Buying American Indian jewelry & crafts can be fun, exciting and confusing. Whether you're considering a gift of American Indian jewelry & crafts for someone special or as a treat for yourself, take some time to learn the terms used in the industry. Here's some information to help you get the best quality American Indian jewelry & crafts for your money, whether you're shopping in a traditional brick and mortar store or online.
Whether you're drawn to the beauty of turquoise and silver jewelry or the earth tones of Indian pottery, some information about American Indian arts and crafts can help you get what you pay for. Unfortunately, some unscrupulous retailers are selling imitation American Indian arts and crafts to unwary consumers.
According to the Indian Arts and Crafts Act of 1990, any item produced after 1935 that is marketed as "Indian," "Native American" or "Alaska Native" must have been made by a member of a state or federally-recognized tribe or a certified Indian artisan. That is a non-member Indian artisan who is certified by the governing body of an Indian tribe.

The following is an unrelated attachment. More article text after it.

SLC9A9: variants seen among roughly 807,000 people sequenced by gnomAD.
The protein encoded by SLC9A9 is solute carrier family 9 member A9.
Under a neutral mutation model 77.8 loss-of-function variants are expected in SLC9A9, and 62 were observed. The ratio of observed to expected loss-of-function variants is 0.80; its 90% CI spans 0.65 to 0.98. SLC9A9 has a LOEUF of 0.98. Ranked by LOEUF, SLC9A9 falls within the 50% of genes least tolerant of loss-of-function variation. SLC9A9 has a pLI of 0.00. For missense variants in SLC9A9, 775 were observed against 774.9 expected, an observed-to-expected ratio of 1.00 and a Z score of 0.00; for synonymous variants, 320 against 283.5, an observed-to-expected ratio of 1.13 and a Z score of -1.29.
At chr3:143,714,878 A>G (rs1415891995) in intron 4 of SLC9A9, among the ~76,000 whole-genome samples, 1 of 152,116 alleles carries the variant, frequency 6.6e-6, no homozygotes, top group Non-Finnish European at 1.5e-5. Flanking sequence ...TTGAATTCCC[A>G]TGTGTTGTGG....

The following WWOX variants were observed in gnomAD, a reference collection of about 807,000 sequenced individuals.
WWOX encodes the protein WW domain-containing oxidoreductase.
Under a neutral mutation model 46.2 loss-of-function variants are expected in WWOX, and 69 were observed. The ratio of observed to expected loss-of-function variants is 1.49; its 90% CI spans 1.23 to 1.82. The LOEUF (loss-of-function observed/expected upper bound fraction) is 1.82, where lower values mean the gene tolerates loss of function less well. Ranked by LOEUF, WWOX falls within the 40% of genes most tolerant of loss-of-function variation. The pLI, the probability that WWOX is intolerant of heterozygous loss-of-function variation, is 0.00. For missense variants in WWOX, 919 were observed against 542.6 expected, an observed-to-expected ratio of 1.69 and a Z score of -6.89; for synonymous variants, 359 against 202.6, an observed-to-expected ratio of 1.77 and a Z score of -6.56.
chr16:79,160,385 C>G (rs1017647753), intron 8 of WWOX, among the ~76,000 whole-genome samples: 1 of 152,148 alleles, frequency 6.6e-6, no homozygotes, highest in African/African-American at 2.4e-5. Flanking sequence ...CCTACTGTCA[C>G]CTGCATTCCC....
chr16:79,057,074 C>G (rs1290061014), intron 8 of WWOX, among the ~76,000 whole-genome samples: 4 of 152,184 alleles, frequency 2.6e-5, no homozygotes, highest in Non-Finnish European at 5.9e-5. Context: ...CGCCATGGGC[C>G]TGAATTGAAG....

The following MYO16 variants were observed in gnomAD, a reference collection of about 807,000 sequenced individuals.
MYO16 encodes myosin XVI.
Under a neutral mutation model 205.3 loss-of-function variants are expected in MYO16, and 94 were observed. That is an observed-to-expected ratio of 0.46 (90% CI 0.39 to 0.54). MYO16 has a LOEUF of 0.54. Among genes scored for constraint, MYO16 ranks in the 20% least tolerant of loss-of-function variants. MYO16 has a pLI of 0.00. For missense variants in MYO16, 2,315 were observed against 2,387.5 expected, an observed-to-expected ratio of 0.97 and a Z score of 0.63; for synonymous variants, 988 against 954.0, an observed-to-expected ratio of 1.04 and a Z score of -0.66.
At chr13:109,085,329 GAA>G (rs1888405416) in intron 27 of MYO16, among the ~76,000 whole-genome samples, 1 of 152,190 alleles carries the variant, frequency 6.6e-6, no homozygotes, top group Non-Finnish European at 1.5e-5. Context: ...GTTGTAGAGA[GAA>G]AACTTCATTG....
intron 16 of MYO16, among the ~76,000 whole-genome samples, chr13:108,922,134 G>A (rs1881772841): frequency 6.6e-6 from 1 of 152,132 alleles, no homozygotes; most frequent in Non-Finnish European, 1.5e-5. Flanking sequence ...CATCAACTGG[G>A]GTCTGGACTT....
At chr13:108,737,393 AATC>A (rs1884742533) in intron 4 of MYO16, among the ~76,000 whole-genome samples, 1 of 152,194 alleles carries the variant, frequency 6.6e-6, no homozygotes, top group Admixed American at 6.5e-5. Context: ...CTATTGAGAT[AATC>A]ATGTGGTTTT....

3 Tips for Buying Genuine American Indian Jewelry & Crafts
1. Buy from an established dealer who gives a written guarantee or written verification of authenticity. Ask if your item comes with a certification tag. Not all authentic Indian arts and crafts carry this tag, but those that do are certified by the Department of the Interior (DOI) to be genuine. This sample tag identifies the artisan as a member of the Oklahoma Indian Arts and Crafts Cooperative. However, you may see a different name and logo appearing in the circle on the item you buy.
2. Get a receipt that includes information about the value of your purchase and any verbal representations by the salesperson. For example, if the salesperson tells you that the piece of jewelry you're buying is sterling silver and natural turquoise and was handmade by an American Indian artisan, make sure this information is documented on your receipt.
3. Before buying American Indian arts and crafts at powwows, annual fairs, juried competitions, and other events, check the event requirements for information about the authenticity of the products for sale. Many events list their requirements in newspaper ads, promotional flyers and printed programs. If the event organizers don't say anything about the authenticity of the American Indian arts and crafts for sale, get written verification for any item you buy that is sold as authentic.
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